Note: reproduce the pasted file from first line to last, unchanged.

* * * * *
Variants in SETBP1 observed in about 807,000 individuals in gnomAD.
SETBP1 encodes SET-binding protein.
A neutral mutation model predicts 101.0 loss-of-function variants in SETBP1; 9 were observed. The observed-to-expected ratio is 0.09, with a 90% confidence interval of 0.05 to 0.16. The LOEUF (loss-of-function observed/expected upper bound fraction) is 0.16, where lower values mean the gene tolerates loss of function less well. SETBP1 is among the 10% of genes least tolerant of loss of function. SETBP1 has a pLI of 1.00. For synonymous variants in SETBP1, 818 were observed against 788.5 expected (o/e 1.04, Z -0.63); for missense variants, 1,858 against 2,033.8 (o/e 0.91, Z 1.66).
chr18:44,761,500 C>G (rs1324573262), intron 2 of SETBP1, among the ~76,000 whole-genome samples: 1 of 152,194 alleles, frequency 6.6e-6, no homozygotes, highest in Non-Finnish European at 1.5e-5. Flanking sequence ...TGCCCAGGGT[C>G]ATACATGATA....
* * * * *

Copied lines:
Variants in SETBP1 observed in about 807,000 individuals in gnomAD.
SETBP1 encodes SET-binding protein.
A neutral mutation model predicts 101.0 loss-of-function variants in SETBP1; 9 were observed. The observed-to-expected ratio is 0.09, with a 90% confidence interval of 0.05 to 0.16. The LOEUF (loss-of-function observed/expected upper bound fraction) is 0.16, where lower values mean the gene tolerates loss of function less well. SETBP1 is among the 10% of genes least tolerant of loss of function. SETBP1 has a pLI of 1.00. For synonymous variants in SETBP1, 818 were observed against 788.5 expected (o/e 1.04, Z -0.63); for missense variants, 1,858 against 2,033.8 (o/e 0.91, Z 1.66).
chr18:44,761,500 C>G (rs1324573262), intron 2 of SETBP1, among the ~76,000 whole-genome samples: 1 of 152,194 alleles, frequency 6.6e-6, no homozygotes, highest in Non-Finnish European at 1.5e-5. Flanking sequence ...TGCCCAGGGT[C>G]ATACATGATA....